by Alex W.
Landscape photography is a growing passion/obsession at the moment, and it's no surprise. Humans are intrinsically linked to the great outdoors, and with more and more of us spending more and more of our time in dingy offices it's unsurprising that people are craving nature.
Add to that the increasing supply and decreasing cost of camera equipment, including the fact that everybody carries their smartphone around, and it results in millions of landscape photographs being shared every single day.
But how can we stand out from the crowd of Instagrammers and Tweeters? Simple - We just need to improve our own landscape photography and make sure that it's better than the rest.
If you haven't read out beginners guide to composition yet, I'd recommend doing so. And then we'll dive right into these quick tips to improve your landscape photography!
Get up early - Stay out late. That's the mantra of the successful landscape photographer. Light is the single most important thing in photography, which is quite obvious really considering that without light there is no photograph.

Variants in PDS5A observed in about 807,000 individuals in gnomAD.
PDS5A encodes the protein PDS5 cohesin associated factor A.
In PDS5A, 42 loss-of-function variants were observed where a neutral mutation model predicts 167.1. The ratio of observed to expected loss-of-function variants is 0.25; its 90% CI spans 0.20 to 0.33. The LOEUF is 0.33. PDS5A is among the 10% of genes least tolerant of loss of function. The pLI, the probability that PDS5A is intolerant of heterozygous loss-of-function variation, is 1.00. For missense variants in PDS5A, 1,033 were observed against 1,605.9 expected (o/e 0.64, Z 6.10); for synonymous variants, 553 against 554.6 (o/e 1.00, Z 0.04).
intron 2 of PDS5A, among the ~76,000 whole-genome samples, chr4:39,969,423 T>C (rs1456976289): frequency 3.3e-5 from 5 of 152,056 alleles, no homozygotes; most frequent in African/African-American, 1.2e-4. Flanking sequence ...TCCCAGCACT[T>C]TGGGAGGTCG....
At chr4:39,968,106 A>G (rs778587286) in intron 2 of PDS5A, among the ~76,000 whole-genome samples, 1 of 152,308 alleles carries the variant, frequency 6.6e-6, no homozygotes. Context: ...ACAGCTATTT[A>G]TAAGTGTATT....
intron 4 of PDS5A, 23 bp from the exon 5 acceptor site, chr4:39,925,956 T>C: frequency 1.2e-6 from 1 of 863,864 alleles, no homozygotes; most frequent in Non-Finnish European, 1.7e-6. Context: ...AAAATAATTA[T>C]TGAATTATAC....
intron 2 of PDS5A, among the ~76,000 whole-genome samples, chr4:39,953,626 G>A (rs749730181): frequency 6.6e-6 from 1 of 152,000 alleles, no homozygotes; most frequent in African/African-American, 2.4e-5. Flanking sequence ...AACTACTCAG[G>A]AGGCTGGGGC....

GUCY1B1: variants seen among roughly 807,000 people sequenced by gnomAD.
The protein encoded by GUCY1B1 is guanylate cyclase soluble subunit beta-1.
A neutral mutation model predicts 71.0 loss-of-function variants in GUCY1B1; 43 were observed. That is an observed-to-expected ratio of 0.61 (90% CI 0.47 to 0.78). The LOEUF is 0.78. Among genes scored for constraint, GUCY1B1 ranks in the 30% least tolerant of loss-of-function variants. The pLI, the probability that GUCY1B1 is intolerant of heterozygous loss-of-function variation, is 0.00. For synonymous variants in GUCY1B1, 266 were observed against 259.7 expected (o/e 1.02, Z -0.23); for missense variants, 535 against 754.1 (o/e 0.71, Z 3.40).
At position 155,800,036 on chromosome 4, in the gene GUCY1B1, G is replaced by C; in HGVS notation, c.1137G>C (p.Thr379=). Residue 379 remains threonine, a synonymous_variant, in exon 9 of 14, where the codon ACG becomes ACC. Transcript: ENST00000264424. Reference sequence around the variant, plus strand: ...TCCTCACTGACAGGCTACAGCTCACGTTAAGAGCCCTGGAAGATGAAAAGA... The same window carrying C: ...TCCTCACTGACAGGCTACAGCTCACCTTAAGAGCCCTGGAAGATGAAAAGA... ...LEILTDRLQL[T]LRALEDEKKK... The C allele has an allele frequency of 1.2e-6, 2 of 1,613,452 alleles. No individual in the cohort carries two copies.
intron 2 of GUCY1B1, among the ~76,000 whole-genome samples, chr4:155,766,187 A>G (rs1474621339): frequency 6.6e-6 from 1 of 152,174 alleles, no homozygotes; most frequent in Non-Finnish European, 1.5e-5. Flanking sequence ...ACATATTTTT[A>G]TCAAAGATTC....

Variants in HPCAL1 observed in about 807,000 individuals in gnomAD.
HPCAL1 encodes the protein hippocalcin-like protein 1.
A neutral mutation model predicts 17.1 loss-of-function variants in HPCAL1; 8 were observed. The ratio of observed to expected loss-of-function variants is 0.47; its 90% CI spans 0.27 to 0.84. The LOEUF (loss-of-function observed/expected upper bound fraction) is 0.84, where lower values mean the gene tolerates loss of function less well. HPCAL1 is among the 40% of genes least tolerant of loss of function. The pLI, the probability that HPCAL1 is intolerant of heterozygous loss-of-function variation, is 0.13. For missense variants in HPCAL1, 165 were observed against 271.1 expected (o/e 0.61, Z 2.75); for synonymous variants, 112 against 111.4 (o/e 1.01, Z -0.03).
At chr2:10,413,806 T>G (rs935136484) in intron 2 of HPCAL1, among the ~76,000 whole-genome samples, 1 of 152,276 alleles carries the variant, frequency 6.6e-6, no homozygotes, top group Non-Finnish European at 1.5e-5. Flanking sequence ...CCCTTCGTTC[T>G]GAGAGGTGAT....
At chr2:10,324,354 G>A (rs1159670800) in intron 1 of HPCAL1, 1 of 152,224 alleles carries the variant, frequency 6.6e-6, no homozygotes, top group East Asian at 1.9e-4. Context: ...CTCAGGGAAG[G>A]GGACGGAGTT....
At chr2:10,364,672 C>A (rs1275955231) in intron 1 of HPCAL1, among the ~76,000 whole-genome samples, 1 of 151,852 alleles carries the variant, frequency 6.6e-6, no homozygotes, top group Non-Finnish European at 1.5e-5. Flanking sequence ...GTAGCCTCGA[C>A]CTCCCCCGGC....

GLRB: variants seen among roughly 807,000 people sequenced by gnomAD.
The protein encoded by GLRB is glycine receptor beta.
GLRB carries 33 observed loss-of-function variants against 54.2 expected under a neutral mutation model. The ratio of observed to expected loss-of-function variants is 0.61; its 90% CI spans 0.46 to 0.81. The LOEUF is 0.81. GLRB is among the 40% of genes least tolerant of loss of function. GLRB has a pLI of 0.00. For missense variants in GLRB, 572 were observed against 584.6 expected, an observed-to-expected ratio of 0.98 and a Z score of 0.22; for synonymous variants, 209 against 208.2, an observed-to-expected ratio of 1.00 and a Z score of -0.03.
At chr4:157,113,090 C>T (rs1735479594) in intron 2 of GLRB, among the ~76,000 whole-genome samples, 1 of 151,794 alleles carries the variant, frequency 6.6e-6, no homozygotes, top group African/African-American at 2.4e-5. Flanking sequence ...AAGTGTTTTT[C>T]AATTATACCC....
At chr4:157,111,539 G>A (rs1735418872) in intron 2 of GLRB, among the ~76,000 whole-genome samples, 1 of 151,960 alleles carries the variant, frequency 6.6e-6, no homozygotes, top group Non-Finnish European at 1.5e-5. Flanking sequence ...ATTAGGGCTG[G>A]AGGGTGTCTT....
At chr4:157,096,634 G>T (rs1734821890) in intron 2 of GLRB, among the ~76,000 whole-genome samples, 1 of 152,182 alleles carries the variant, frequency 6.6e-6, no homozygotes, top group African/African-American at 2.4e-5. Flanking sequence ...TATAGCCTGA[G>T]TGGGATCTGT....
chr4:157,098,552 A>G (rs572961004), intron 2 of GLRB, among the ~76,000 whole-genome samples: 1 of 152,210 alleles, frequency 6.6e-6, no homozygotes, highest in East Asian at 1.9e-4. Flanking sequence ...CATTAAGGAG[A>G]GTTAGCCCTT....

However, it's not just the presence of light that's important. The quality of that light plays one of the most important roles in landscape photography. We are generally aiming for light that brings out the best in our subjects, often illuminating it in a soft glow and ideally lighting up the sky in a gorgeous palette of pastel shades.
For this to happen we need to be on location at the right time, and it just so happens that the 'right time' is shortly after sunrise and shortly before sunset. Generally speaking, we refer to the golden hour of photography as the hour after sunrise and the hour before sunset, with that being when the light is at it's finest. In summer months this can result in some absurdly early alarm calls, but when you come away with a gorgeous photo all that tiredness melts away!
It's all well and good heading out to a new location and hoping for the best, and if that's the way you like to work then that's fine. However, for the majority of landscape photographers they could benefit from doing a bit of research before heading out on a shoot.